Do you ever struggle with excess pounds? If you do, you’re definitely not alone.
Right now, more than 2/3 of the US population is overweight or obese. In fact, the average American woman now weighs as much as the average American man weighed in the early 1960s — 166.2 pounds. In the same amount of time, men have gained nearly 30 pounds, too.
And a lot of people are pretty unhappy about all this weight gain. In fact, right now, at this very moment, more than 100 million Americans are on a diet.
Most dieters make four or five attempts per year to lose weight. And almost none of them succeed.
The reality is that among the obese who try to lose weight, the failure rate is 99 percent. Literally, 99 percent of those who try to get slim do not succeed. And even for the 1 percent who do, the victory is almost always short lived. Most regain the weight in the next few years.
Can you think of any other area of life where so many people try so hard, so often, with such little success? Is there any other domain in which so many people put out so much effort, so frequently, with such disappointing results?
What is it that makes so many of us unable to be the author of our destinies when it comes to how much we weigh?
Why weight loss takes more than willpower or desire
It can be easy to think that if someone just tried hard enough to cultivate healthy habits and stuck with them, they would lose weight. But for many people, this simply isn’t the case.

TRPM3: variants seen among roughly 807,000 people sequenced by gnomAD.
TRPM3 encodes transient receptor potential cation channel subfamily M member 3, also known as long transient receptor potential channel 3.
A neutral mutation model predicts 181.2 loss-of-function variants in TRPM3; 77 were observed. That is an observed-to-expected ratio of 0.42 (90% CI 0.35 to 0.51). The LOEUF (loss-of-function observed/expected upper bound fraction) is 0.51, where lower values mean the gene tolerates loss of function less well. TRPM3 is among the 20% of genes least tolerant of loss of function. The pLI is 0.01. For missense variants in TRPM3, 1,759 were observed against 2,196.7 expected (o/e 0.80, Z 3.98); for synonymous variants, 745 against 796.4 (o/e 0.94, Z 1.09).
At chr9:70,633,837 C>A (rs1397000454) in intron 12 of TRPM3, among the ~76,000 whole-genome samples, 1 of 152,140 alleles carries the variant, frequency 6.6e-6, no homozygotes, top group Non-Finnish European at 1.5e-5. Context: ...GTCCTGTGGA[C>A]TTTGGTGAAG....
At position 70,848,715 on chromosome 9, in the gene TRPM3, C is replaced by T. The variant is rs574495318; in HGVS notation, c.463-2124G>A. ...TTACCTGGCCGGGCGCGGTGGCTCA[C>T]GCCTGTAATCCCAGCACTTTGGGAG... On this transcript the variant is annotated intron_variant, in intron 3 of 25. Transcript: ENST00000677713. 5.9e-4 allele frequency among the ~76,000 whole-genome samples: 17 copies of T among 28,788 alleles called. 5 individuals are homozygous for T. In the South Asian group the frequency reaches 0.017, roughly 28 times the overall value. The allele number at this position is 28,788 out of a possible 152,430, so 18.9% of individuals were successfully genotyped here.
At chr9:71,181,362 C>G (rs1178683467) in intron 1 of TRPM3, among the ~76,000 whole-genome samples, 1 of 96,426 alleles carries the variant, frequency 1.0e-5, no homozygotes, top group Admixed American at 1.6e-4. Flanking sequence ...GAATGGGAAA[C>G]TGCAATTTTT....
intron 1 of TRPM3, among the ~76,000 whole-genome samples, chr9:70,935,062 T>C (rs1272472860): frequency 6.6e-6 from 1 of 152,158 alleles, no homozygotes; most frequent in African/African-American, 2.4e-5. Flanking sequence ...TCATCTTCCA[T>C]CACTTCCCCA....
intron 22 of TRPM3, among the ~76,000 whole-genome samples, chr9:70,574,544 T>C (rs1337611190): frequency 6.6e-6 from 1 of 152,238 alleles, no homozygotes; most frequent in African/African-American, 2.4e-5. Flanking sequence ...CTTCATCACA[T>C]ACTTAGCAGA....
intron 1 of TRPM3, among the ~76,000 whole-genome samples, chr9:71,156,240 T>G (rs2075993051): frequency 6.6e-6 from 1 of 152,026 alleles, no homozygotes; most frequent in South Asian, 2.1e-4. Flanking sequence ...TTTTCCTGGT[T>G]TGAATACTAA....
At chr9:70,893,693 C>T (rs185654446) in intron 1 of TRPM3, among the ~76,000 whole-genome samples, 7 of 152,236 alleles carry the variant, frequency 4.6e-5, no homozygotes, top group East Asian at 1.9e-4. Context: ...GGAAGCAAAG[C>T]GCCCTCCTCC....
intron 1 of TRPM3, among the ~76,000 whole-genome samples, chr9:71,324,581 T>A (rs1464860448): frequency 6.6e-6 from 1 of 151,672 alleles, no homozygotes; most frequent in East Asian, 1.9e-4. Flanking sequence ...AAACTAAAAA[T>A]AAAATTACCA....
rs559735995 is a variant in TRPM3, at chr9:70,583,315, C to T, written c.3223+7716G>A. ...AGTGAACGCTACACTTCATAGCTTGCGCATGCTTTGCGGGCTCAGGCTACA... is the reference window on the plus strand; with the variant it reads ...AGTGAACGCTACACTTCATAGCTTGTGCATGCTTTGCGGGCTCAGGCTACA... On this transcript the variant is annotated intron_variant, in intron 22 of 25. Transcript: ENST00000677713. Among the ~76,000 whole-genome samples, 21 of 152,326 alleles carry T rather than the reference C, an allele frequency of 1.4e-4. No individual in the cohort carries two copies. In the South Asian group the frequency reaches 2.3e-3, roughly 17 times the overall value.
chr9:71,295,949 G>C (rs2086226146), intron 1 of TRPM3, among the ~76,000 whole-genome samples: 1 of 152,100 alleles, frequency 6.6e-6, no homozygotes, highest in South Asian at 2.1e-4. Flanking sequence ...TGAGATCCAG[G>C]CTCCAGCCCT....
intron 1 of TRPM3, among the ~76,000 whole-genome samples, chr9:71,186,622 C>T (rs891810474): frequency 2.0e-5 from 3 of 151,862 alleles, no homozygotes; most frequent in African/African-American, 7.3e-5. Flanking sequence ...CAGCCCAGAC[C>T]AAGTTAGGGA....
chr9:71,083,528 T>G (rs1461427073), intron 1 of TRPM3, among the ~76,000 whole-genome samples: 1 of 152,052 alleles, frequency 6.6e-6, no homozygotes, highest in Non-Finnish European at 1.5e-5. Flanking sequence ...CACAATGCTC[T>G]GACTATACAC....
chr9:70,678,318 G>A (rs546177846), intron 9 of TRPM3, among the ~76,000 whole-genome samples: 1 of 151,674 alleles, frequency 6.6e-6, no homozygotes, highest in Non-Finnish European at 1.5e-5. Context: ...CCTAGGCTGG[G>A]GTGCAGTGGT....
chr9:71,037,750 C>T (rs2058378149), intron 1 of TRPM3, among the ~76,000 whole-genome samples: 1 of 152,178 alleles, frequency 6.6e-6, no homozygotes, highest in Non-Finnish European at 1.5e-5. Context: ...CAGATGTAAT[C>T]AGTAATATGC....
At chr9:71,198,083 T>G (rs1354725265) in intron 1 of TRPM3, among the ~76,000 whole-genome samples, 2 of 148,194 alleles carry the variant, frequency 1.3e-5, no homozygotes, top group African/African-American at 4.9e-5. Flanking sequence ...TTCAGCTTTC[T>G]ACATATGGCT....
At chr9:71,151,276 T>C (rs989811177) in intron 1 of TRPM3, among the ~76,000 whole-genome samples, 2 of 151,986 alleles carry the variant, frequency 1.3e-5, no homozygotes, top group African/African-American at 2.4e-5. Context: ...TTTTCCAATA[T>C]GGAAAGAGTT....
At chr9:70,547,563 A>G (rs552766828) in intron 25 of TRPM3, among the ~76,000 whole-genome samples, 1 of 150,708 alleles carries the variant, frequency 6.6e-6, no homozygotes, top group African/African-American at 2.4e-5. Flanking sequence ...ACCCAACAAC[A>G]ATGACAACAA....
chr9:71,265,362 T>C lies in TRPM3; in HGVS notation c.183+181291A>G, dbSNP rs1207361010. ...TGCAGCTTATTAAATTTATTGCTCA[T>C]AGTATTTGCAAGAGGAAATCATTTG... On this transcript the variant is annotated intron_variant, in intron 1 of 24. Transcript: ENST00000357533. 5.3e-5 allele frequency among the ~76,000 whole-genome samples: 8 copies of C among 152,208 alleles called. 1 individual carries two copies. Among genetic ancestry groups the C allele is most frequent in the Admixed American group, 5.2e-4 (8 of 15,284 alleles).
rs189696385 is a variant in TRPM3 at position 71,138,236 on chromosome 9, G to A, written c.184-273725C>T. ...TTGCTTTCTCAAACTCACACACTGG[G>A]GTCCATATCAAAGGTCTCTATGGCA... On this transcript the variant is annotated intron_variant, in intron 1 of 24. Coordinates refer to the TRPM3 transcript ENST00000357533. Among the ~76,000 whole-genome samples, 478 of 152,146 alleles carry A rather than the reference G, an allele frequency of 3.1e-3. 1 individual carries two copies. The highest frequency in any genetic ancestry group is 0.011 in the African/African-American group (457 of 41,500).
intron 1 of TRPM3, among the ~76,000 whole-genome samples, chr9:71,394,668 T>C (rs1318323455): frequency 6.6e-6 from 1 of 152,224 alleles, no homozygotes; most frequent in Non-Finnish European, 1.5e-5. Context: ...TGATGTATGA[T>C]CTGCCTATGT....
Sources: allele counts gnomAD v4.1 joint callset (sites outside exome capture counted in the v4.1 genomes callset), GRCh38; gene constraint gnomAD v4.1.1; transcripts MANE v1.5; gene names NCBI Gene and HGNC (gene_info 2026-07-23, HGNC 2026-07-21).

Many smart, successful people do well in every area of their lives, yet they continue to struggle to lose weight. So what’s going on?
According to Dr. Susan Peirce Thompson, who has spent 17 years applying her neuroscience background to understanding how the brain interacts with weight and food, the problem isn’t a lack of willpower.
Dr. Thompson has concluded that some people are vastly more susceptible than others to the pull of food addiction. And those who are highly susceptible benefit enormously from some very specific “bright lines” that help them break free from these addictive pulls.
Dr. Thompson walks (and eats) her talk. She’s now among the less than one-tenth of 1% of the population that has gone from being obese, to losing more than 50 pounds, and to keeping that weight off for more than ten years.
And in the last year, she’s helped her students to release more than 133,000 pounds – and to step into greater health, wellness, and joy.
Once people step into food freedom, they become more capable of making conscious and intentional food choices.
Are you addicted to food? Could your brain blocking you from losing weight? Dr. Thompson has created a simple, 5-question quiz that can tell you how susceptible you are to addictive foods, and what you can do about it. Click here to take the quiz now.